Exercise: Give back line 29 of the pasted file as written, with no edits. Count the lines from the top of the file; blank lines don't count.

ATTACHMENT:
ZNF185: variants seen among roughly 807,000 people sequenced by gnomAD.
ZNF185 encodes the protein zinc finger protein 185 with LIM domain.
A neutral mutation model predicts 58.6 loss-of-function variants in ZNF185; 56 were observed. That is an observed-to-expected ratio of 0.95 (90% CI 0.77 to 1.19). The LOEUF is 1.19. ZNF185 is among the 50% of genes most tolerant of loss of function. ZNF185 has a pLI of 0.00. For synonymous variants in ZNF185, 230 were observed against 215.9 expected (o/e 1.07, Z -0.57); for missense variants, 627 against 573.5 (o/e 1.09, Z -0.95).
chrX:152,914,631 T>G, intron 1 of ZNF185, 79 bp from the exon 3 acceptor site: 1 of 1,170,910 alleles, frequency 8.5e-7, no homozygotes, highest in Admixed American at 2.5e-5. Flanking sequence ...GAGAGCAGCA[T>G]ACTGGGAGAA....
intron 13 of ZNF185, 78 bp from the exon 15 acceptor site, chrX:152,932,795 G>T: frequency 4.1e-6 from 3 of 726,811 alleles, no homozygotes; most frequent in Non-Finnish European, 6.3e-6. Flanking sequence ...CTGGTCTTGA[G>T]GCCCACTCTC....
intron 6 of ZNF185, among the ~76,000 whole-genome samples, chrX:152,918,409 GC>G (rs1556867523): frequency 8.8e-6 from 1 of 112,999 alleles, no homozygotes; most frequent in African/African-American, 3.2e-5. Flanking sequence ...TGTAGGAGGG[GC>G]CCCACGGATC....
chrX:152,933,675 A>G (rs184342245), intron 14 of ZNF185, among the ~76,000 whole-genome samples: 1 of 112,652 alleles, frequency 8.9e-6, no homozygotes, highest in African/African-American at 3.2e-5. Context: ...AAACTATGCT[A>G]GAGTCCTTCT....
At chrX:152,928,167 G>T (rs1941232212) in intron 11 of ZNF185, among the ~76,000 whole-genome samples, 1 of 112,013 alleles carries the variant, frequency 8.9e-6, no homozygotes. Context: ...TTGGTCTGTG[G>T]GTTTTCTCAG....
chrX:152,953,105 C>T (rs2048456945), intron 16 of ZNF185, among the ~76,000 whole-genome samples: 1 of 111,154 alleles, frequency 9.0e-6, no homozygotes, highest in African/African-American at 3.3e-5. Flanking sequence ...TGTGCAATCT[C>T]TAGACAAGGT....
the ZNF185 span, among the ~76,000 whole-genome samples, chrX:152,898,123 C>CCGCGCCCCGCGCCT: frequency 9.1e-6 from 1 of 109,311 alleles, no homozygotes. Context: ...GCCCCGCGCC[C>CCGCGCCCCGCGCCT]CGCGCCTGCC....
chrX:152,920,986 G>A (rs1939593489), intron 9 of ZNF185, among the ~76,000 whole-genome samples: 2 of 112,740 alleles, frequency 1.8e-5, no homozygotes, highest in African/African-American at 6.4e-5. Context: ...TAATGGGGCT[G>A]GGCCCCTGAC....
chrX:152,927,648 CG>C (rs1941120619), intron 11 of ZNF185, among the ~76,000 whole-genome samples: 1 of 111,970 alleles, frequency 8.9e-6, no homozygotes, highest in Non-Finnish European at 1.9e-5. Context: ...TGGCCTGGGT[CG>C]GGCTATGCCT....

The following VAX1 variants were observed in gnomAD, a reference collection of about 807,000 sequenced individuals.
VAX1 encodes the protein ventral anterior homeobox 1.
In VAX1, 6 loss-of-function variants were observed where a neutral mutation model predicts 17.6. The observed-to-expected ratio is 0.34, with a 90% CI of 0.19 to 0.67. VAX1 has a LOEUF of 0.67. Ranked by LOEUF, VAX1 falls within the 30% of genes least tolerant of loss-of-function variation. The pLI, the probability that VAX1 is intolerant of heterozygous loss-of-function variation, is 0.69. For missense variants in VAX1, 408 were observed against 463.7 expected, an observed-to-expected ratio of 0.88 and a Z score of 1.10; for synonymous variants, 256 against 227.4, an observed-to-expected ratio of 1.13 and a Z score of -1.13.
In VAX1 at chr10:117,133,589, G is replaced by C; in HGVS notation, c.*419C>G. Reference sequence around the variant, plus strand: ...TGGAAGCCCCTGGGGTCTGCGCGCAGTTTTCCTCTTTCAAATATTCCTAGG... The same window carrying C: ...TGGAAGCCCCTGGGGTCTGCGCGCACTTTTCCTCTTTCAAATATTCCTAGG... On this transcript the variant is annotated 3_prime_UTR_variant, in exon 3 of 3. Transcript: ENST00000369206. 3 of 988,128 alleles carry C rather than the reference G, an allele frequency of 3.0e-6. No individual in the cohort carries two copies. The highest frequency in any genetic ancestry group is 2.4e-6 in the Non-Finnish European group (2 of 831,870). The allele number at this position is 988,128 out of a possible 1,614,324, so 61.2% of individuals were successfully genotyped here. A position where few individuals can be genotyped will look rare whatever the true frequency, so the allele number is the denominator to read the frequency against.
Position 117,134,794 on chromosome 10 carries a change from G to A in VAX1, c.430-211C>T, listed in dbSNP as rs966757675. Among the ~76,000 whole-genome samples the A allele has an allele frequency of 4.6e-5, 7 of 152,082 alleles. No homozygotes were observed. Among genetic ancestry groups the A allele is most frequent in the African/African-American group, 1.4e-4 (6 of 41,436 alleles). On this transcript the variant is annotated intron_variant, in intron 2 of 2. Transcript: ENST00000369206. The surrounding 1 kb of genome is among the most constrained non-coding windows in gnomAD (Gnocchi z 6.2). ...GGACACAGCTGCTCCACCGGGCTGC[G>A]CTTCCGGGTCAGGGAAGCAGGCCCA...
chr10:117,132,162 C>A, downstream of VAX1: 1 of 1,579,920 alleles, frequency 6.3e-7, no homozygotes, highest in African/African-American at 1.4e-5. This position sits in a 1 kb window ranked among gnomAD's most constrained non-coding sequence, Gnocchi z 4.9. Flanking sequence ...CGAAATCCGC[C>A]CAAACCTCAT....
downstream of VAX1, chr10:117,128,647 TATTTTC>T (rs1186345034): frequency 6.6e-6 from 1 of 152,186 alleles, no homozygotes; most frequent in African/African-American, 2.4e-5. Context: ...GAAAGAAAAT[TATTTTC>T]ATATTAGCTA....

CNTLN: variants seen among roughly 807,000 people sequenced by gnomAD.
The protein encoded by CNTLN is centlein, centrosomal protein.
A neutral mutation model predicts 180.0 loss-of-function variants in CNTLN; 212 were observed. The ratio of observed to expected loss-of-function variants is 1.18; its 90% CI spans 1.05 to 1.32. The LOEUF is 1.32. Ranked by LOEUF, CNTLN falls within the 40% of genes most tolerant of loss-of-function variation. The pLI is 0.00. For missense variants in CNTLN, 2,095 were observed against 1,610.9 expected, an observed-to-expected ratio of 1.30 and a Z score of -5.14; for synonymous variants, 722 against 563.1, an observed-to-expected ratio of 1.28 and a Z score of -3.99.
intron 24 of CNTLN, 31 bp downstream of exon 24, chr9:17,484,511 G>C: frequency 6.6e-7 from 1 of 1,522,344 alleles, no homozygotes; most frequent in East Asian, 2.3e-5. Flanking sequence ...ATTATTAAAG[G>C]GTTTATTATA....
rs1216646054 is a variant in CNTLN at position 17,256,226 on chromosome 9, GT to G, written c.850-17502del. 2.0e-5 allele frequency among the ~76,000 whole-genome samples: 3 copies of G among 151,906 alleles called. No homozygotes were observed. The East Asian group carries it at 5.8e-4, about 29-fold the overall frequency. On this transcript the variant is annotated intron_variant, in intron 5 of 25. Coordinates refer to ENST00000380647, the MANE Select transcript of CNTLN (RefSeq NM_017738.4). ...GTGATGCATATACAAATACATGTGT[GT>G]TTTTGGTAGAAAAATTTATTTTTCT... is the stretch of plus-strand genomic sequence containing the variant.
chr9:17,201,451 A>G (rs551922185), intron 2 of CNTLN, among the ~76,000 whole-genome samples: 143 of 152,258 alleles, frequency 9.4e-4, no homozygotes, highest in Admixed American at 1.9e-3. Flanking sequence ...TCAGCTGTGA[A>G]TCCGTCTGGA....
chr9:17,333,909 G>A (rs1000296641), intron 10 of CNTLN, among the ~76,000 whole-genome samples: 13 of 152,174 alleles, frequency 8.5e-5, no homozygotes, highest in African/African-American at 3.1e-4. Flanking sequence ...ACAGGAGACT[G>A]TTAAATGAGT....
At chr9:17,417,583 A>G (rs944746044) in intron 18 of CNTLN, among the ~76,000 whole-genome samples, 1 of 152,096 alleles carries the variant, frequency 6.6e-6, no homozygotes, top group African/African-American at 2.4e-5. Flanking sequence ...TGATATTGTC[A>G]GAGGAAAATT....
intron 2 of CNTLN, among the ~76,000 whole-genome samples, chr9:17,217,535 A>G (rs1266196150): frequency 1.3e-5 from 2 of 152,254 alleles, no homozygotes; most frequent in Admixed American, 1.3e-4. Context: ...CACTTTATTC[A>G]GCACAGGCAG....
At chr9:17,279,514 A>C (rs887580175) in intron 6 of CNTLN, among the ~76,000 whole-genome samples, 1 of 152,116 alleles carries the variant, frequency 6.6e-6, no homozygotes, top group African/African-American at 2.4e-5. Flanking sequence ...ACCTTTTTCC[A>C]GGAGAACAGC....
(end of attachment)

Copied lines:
At chr9:17,279,514 A>C (rs887580175) in intron 6 of CNTLN, among the ~76,000 whole-genome samples, 1 of 152,116 alleles carries the variant, frequency 6.6e-6, no homozygotes, top group African/African-American at 2.4e-5. Flanking sequence ...ACCTTTTTCC[A>C]GGAGAACAGC....